We set specific tasks. Every week we have several conference calls on this matter.


During the war, I worried that someone of the regional heads might run away or refuse to work. But all of them became “warriors of light.” They started communicating with the residents of their regions about the current situation. It was very important.

There were leaders in the regions – the heads of regional administrations, who were in direct contact with the president, the presidential office. As a result, the performance of mayors improved. They began to work as one team. Yes, there were cases when mayors fled to Russia. But not many.

You say that regional heads became leaders, an example for regional authorities. And what about the fact that some of them were involved in corruption scandals? For example, Valentyn Reznichenko, the head of Dnipropetrovsk Regional Military Administration, accused of embezzlement of budget funds through shell companies, or Oleksandr Starukh, the head of Zaporizhzhia Regional Military Administration, accused of embezzlement of humanitarian aid. Have you already clarified these situations?

Everything is simple for us: theft entails imprisonment. Even at the beginning of the war, I warned all governors and mayors: if someone is engaged in corruption, no one will intercede. At best, they will be dismissed.

Therefore, it seems to me everything is clear: if law enforcement officers prove that these people broke the law, they will be held accountable. But so far we haven’t seen any results of the investigation, apart from public relations, especially not in Zaporizhzhia region.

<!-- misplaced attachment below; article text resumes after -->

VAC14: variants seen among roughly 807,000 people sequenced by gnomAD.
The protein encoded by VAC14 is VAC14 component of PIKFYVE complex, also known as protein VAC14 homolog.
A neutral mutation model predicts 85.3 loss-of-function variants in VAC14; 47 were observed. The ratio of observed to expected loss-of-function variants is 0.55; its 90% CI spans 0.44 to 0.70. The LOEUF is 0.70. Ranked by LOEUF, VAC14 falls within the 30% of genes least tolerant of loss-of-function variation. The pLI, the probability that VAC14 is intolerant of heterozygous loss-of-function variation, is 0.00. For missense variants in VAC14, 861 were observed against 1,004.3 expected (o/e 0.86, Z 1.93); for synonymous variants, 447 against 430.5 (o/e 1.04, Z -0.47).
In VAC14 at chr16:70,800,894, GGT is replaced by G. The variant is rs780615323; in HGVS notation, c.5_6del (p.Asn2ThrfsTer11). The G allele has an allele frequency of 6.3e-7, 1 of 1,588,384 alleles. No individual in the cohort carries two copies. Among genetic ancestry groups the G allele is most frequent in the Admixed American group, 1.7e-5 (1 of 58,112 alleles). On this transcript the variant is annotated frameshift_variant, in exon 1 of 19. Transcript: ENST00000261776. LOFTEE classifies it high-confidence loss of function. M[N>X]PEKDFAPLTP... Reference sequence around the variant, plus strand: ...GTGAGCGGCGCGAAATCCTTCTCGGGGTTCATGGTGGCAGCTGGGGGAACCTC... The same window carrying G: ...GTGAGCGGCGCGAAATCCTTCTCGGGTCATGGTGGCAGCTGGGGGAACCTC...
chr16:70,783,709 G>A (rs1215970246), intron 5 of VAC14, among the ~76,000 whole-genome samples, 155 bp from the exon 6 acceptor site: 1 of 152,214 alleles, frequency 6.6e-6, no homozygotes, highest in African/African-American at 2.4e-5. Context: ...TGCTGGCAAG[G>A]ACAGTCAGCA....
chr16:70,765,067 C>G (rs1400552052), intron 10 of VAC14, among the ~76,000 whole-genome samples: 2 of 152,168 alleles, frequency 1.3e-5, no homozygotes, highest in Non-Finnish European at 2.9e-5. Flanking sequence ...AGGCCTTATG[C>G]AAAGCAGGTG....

Can you assure the public that the PO won’t put pressure on law enforcers during investigations into these alleged crimes?

It seems to me no one needs to be convinced. The society understands that the OP puts no pressure on the NABU (the National Anti-Corruption Bureau of Ukraine). If the offense is proven, these people will be held accountable.

You inspect the work of local authorities. What can you say about the fact that the first concrete shelter in Kherson appeared only after another deadly shelling on Dec. 24? Who didn’t finish the work?

Let me tell you about the situation in Kherson. There are practically no shelters in the city, while Kherson is shelled every day.

About 50 people worked in the regional administration headed by Yaroslav Yanushevych after de-occupation. Before the war, almost 500 people worked there. In the first weeks after the liberation of the city, many people returned to work. But when the heavy shelling of the city began after de-occupation, up to five workers resign every day. It’s really hard to work there.

As for shelters. A lot is being done. It doesn’t happen quickly. Volunteers help a lot.

We know about all the problems. We help Yanushevych. For example, there are no municipal vehicles in the city. So each region helps as much as possible.

You say that many people left the city because of occupation. After the start of the war, Kherson Mayor Ihor Kolykhaev stayed in the city. He communicated with the Ukrainian mass media for a long time, talking about life in occupation. But then he disappeared, and after the liberation of the city there is no mention of him. Does the OP know the whereabouts of Kolykhaev?

We don’t know where he is.

Is he in captivity?

We don’t know his status or where he is.

You didn't make a request to the Russian authorities?

Where? To Crimea?

So he is in Crimea?

According to our security services, he was taken out of Kherson. Where he is now, we do not know.

Did he collaborate with the occupiers?

History will show.